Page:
By Cathy Zhu
This year marks the 70th anniversary of the end of the Second World War, and countries across the world, from China to Germany, are hosting memorials and parades to commemorate the event. At the same time, tensions persist, as several wartime issues remain unresolved. As a result of these tensions, the Asia-Pacific region is apprehensively looking towards Japanese Prime Minister Shinzo Abe's upcoming speech on the 70th anniversary.
In 1995, on the 50th anniversary of the end of the war, then-Japanese Prime Minister Tomiichi Murayama issued a statement apologizing for Japan’s wartime aggression. But Abe’s nationalist policies, including his move to reinterpret Japan’s pacifist constitution and increase the scope of Japan’s Self-Defense Forces have nations worldwide worried about his stance on apologies. China and Korea in particular voice concerns about how Japanese textbooks describe Japan’s role in the war.
Unfortunately, giving anything resembling an apology on an international level is more complicated than it should be. U.S. President Barack Obama was criticized for his “apology tour” in 2009, when he gave a series of speeches around the world that many perceived as acknowledging the U.S.’ shortcomings. Critics condemned it as “un-American”, arguing that it gave concessions to U.S. rivals and sacrificed America’s reputation in exchange for little political gain. Even Germany, which has apologized, paid reparations and continues to acknowledge the long-lasting ramifications of WWII, still gets trapped in the politics of apologies. Greece has contended that the reparations were insufficient and has demanded greater compensation.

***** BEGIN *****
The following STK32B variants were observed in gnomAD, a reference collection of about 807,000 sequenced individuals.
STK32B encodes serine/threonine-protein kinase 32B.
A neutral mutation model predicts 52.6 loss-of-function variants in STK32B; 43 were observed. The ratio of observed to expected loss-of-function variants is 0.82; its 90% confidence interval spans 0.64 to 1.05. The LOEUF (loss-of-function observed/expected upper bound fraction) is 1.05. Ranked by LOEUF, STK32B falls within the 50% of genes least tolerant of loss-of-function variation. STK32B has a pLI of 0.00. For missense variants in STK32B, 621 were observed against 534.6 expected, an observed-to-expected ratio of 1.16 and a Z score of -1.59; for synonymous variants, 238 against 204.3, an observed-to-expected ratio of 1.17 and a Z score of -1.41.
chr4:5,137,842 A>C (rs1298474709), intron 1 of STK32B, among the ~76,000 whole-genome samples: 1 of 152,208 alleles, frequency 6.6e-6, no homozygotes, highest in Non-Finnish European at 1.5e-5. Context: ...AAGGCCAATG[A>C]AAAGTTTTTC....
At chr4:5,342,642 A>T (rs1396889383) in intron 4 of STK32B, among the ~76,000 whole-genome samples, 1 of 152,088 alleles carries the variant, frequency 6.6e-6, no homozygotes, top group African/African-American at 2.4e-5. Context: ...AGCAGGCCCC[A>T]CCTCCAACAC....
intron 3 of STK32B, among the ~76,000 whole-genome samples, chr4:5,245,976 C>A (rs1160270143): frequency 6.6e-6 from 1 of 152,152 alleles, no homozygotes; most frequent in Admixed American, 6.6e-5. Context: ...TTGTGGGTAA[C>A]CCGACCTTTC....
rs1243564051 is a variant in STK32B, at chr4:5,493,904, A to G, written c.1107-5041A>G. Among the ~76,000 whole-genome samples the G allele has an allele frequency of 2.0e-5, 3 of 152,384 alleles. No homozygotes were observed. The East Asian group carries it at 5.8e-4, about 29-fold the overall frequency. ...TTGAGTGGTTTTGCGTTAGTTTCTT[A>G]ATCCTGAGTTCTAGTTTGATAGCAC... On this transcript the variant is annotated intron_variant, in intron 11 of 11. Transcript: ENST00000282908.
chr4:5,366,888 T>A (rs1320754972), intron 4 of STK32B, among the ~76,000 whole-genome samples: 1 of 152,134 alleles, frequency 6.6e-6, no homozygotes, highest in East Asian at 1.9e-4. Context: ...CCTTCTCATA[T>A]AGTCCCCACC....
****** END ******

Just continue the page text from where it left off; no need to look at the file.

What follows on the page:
In most cases, such apologies cause more controversy internally than externally. Much like the Republican Party in the U.S., which slammed Obama’s speeches for being too apologetic, the right-wing in Japan rejects concessions for Japan’s wartime actions. For national leaders it can be a delicate balance between trying to build better relations abroad and retaining voter support and a good image at home. Ultimately, it takes a lot of trust among all the parties involved for a country to be willing to take on the responsibility of a formal national apology.
The attitude Prime Minister Abe has expressed towards the upcoming speech presents a pertinent question on the role of present governments in a country’s history— to what extent are contemporary governments responsible for the actions of leaders in the past? And to what extent should expressions of remorse be tied to that responsibility?
A Japanese apology might go a long way toward decreasing tensions in East Asia. However the likelihood of such an apology is discouragingly low. More likely than not, we will see the 70th anniversary of WWII come and go as the region continues to be inflicted by these residual issues. An apology may seem like a small verbal gesture, but on an international scale it carries much more significance.